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Daria Pašalić
Editor-in-Chief
Department of Medical Chemistry, Biochemistry and Clinical Chemistry
Zagreb University School of Medicine
Šalata ul 2.
10 000 Zagreb, Croatia
Phone +385 (1) 4590 205; +385 (1) 4566 940
E-mail: dariapasalic [at] gmail [dot] com

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S06-1

Šimundić AM.S06-1: Quality indicators. Biochemia Medica 2009;19(Suppl 1):S49-S50.
University Department of Chemistry, Sestre Milosrdnice University Hospital, Zagreb, Croatia
Corresponding author:am [dot] simundic [at] gmail [dot] com
 
Abstract
 
Total Quality Management is a specific approach to the management in a laboratory that aims to provide products and services that fully meet the needs of the both patients and clinical staff. The key prerequisite to the successful implementing TQM is a continuous system improvement based on the indicators of key processes and activities. Those indicators are called quality indicators and are defined as measurable, objective, quantitative measures of key system elements performance. To systematically monitor and evaluate quality indicators of the system is a must for each ISO15189 accredited clinical laboratory. Quality indicators may be used to measure the quality of the key, strategic and support processes. It is important that all three key processes in the laboratory (preanalytical, analytical and postanalytical) are addressed. Besides for self-evaluation, quality indicators are also used for benchmarking. Since most errors occur in the preanalytical phase it is the segment having major potential for improvement. Besides well established proficiency testing for the external independent evaluation of analytical phase of laboratory processes, some preanalytical and postanalytical external quality assurance programs have also emerged. Such programs cover the issues of patient identification, sample quality and appropriateness, TAT, critical values reporting, corrected and withdrawn reports, test request errors and some other. External quality assurance programs for postanalytical phase have also been introduced and mostly relate to the quality of interpretative comments. Harmonizing the extraanalytical phase of laboratory diagnostics is essential to the national as well as to the international level, since it represents the major contribution to the quality of the laboratory testing process and the patient care.
S06-2
Challand G. S06-2: External quality assurance for the post-analytical phase. Biochemia Medica 2009;19(Suppl 1):S50-S51.
Royal Berkshire Hospital, Clinical Biochemistry Department, Reading, Berkshire, United Kingdom
Corresponding author:gqn62 [at] dial [dot] pipex [dot] com
 
Abstract
 
Errors in the post-analytical phase of laboratory medicine, particularly in incorrect interpretation of laboratory results, have been estimated to be at least 20% of all errors ascribable to laboratory professional staff. But there is a growing need for laboratory professionals to offer advice on the interpretation of results, typically by adding a brief interpretative comment to a report. Surprisingly little evidence-base data exists to support interpretation of laboratory test results, and interpretative comments accompanying laboratory reports are complex, usually consisting of several components which may suggest possible diagnoses and additional investigations. Every comment is different, and assessment of interpretation is difficult. Different approaches can be used: assessing whole comments or components of comments; and using independent assessors or a pooled panel of experts. No approach can be considered to be a “gold standard“ since assessment is an imperfect science and is a guide to, not a definition of unequivocal solutions. External Quality Assurance Schemes examining interpretation can provide information to individual participants on how their comments compare with others, but their primary purpose is educational and such Schemes enable us to gather knowledge on how to better establish and develop interpretation. The UK Scheme started in 2001, and provides strong evidence that participation in such Schemes improves laboratory practice.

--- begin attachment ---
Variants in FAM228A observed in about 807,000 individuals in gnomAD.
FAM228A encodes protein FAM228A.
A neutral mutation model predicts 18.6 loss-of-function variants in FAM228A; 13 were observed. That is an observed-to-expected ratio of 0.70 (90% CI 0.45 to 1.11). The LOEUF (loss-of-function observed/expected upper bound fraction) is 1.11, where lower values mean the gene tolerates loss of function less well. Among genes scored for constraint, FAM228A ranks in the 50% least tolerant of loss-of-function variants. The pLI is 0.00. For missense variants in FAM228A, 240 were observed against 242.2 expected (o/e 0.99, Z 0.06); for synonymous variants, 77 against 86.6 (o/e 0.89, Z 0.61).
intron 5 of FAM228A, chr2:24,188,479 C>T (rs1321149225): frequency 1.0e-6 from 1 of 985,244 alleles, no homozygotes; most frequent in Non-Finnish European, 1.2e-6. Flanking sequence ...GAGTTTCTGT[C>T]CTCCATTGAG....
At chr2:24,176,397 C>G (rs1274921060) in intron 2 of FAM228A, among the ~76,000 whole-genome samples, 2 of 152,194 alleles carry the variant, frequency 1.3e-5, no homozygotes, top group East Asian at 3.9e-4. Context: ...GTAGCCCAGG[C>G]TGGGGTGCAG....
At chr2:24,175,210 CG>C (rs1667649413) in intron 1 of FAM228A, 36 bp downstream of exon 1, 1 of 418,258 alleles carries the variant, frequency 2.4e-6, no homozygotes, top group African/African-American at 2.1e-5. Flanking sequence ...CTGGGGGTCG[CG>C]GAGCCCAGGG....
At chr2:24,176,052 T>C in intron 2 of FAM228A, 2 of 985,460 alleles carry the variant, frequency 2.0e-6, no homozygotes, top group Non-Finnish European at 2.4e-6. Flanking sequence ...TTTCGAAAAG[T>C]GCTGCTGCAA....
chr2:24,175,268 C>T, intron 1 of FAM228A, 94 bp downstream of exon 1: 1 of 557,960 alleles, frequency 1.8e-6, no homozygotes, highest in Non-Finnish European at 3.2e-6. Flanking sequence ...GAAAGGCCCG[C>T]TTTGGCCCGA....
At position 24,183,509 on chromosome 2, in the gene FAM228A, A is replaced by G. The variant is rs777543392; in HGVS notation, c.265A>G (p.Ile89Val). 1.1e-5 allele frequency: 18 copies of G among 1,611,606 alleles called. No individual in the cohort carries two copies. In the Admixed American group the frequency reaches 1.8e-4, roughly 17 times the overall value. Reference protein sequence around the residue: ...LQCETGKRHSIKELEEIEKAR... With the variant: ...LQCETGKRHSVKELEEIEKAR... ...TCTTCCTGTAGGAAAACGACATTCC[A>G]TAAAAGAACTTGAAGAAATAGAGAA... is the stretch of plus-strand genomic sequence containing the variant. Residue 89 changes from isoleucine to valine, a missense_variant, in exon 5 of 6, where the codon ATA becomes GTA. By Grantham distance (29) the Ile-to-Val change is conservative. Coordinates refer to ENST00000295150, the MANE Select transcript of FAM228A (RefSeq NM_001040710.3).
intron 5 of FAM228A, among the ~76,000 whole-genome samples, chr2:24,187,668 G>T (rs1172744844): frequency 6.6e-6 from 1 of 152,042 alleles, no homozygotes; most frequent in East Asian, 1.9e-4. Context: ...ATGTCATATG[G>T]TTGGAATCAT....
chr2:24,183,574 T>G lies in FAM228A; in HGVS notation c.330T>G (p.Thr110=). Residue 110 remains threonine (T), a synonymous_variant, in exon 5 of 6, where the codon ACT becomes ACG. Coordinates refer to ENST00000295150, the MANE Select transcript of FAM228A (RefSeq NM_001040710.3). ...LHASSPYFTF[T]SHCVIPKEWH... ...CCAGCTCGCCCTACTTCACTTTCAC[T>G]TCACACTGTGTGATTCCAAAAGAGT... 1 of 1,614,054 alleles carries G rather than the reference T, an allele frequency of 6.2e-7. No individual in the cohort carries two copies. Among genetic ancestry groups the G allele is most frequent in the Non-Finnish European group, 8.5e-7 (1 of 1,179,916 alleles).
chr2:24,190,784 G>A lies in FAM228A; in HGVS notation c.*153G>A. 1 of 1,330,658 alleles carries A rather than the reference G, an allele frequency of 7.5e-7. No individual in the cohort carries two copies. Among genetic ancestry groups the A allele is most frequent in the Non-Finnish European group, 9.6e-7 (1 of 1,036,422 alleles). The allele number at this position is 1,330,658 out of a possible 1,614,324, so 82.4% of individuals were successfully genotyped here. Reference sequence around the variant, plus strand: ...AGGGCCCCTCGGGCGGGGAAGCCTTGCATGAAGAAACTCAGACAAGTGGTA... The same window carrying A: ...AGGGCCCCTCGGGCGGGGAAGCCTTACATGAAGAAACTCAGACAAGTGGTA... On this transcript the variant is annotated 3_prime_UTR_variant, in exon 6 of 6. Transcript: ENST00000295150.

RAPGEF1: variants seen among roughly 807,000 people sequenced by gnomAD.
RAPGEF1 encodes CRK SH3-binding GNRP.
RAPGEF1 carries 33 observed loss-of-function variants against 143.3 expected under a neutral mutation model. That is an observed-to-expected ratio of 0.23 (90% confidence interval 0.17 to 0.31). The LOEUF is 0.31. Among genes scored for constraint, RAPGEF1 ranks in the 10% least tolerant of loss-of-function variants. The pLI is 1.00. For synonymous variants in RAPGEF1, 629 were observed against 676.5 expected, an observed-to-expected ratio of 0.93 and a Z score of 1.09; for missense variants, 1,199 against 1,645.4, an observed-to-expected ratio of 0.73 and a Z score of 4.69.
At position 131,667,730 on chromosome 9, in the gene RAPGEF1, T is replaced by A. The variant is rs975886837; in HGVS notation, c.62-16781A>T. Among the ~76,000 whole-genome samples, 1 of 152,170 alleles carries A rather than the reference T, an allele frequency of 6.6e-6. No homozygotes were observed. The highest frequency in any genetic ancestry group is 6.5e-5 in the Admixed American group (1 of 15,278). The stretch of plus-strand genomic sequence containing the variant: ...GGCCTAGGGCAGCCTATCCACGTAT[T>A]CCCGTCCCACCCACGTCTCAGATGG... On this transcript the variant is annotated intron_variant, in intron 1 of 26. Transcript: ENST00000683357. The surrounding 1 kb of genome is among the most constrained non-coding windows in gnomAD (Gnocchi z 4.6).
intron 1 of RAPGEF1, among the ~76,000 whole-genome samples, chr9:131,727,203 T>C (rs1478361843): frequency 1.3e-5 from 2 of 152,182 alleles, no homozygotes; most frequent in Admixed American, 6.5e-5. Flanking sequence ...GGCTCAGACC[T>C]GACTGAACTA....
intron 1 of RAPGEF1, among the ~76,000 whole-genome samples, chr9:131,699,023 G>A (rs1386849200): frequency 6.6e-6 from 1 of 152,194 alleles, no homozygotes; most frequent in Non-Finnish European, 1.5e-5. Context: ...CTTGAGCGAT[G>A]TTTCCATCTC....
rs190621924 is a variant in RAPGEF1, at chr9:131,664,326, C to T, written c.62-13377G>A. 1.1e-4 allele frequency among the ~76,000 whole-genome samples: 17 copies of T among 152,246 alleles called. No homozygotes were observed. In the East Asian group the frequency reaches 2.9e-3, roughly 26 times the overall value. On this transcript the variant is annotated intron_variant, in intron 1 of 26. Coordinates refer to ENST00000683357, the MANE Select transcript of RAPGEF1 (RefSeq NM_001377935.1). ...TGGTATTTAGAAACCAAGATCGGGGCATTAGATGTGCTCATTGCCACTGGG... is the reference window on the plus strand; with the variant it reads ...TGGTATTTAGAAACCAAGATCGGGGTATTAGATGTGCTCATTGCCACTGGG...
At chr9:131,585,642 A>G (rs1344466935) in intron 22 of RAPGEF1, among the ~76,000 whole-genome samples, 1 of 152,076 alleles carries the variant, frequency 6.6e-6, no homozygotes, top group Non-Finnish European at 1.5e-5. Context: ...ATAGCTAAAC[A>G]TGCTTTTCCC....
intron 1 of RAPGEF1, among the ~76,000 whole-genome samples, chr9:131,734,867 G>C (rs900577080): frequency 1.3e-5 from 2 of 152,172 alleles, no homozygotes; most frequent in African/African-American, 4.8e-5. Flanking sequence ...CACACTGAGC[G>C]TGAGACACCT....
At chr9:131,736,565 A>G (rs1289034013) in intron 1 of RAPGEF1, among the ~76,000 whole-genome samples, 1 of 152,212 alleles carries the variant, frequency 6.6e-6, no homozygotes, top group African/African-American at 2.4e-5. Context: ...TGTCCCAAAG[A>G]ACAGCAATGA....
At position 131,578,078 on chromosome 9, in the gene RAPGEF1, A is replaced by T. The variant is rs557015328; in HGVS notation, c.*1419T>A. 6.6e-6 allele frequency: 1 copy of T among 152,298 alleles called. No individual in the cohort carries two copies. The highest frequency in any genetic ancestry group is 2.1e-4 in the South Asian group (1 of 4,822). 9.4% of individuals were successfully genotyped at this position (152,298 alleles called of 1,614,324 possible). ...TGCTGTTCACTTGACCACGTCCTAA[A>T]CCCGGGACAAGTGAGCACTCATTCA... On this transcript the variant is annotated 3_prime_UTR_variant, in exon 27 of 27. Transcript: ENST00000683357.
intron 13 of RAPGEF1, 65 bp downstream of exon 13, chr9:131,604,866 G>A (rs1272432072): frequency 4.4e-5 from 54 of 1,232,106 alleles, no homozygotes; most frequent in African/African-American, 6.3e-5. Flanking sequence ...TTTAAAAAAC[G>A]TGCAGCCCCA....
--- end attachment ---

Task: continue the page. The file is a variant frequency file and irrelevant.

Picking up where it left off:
S06-3
Perkov S.S06-3: How to manage unsuitable specimens? Biochemia Medica 2009;19(Suppl 1):S51-S52.
Institute of Clinical Chemistry, Merkur University Hospital, Zagreb, Croatia
Corresponding author:sonja [dot] perkov [at] hdmb [dot] hr
 
Abstract
 
Systematic control of the total analytical process with continuous monitoring and management of non-conformities is the obligation of all medical laboratories accredited according to ISO 15189: 2003. Although preanalytical quality standards are well defined at international and national level, the most errors in laboratory medicine occur in the preanalytical phase. Unsuitable samples due to misidentification, quantity (insufficient volume to perform the analysis, inadequate blood /anticoagulant ratio) or quality issues (hemolitic, cloted, contaminated specimens, or samples collected in the wrong container) represent the leading preanalytical problem.